The United Nations (UNO) have reached an agreement: the “Convention for the Protection of Human Rights and Fundamental Freedoms”. This agreement says that all persons have the right to life. The agreement bans torture, slavery, forced labour and unlawful punishment.
Nationality is a person’s own state citizenship. It can also mean belonging to a group characterised by certain commonalities: by their cultural, ethnic or linguistic identity, their shared geographical or political origin or their relationship with the population of another state.
Sexual orientation describes with whom a person enters into sexual, romantic or emotional relationships. This means one can feel attracted to others of the same gender (homosexuality) or to persons of a different gender (heterosexuality). It also includes the fact that one can find both genders attractive (bisexuality) and all genders (pansexuality). Further, it describes whether one has relationships with several people at once (polysexuality) or no sexual relationships at all (asexuality). People who have the same sexual orientation often connect within ‘communities’, where they can interact with and support each other.
Refugee is a collective term for persons who have to leave their country of origin temporarily or permanently due to political persecution, wars, or life-threatening states of emergency.
According to Article 1 of the Geneva Convention on Refugees, persons are designated as refugees if they do not live in their country of origin and were persecuted there due to one of the following reasons:
• their race
• their religion
• their nationality
• their political beliefs
• their membership of a particular social group
And also, if the persons can find no protection in their country of origin and cannot return there for fear of persecution.
Refugees entitled to political asylum
A person is designated as having a right to asylum when their right to asylum are granted. Persons suffering from political persecution who are threatened by serious human rights violations in their countries of origin have a right to asylum, according to Article 16a of the Basic Law (in the German Constitution). After entering Germany via the European Union member states, as well as via Norway and Switzerland, an approval of a person’s right to asylum is refused.
Physical integrity is a person’s physical and psychological health.
A residence permit is the required authorisation to enter and stay in federal territory. There are limited and unlimited residence permits.
Family reunion means that family members (usually spouses and children) can also come to Germany. To apply for this, the person already living in Germany must have German citizenship or a valid residence permit.
Participation benefits are financial, material or social benefits that enable people to fully participate in the life of society.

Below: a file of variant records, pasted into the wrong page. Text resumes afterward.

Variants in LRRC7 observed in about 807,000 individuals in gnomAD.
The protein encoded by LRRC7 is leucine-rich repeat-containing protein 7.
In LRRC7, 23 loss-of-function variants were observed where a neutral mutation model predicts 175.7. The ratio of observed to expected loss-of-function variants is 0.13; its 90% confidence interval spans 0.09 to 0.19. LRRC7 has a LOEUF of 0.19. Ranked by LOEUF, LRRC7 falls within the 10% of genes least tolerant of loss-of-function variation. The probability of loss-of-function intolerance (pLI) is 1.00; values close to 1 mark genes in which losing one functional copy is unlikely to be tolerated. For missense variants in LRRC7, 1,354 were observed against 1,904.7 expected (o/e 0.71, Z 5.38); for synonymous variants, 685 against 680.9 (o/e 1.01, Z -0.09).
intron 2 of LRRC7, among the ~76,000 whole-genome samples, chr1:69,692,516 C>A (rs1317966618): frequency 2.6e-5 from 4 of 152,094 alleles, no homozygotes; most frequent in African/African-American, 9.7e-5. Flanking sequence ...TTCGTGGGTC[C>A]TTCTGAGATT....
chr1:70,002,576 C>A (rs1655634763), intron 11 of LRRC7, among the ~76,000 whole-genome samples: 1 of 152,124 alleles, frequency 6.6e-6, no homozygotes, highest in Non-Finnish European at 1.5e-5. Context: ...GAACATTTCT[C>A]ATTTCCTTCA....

Permanent residence permit
This is a residence permit without limited duration, i.e. the qualifications for it only have to be demonstrated once. Even if the qualifications can no longer be met in the future, for example due to losing one‘s job, with the right to permanent residence, a person will receive the assurance of being able to stay in Germany and can plan for the future.
Specific danger means that it can be assumed that a person will be harmed in the near future.
European Human Rights Convention
The European Human Rights Convention is a contract in which the participating states have agreed to adhere to human rights and have promised to guarantee them.
A court makes a decision in the event of a dispute and can impose penalties.
The application hearing is very important. It determines which residence status you will get. At the application hearing during the asylum application process, you will be asked questions about grounds for protection and about your escape route. Prepare well for your hearing and make use of counselling about this. What is important is what the situation in your home country was, why you had to flee and how you entered Germany. Bring all the documents with you which offer evidence for your story. During the application hearing, you have the right to have an interpreter. It is vital that you answer all questions in as much detail and as well as possible.
The Federal Office for Migration and Refugees
The Federal Office for Migration and Refugees (BAMF) [Bundesamt für Migration und Flüchtlinge] is responsible for undertaking asylum proceedings, integration courses and migration counselling.
There is counselling in Germany for many issues. You can find a list of the various counselling centres here. People can get information and support from experts there. Most counselling centres are free of charge. They are not state-run, but instead are independent centres that act in the interest of persons seeking advice and do not pass on any information without you being asked.
The Basic Law is the German Constitution.
The Asylum Law is the law that regulates the legal requirements for the protection of persons seeking asylum in Germany, as well as the asylum proceedings and the asylum process.
Residence law comprises the basic legal foundations for foreigners’ entry, exit and residence in Germany.
If persons are not granted protection in Germany, they will be legally required to leave the country. If they do not leave voluntarily, they will be deported. This means that they will be forcibly moved to another country.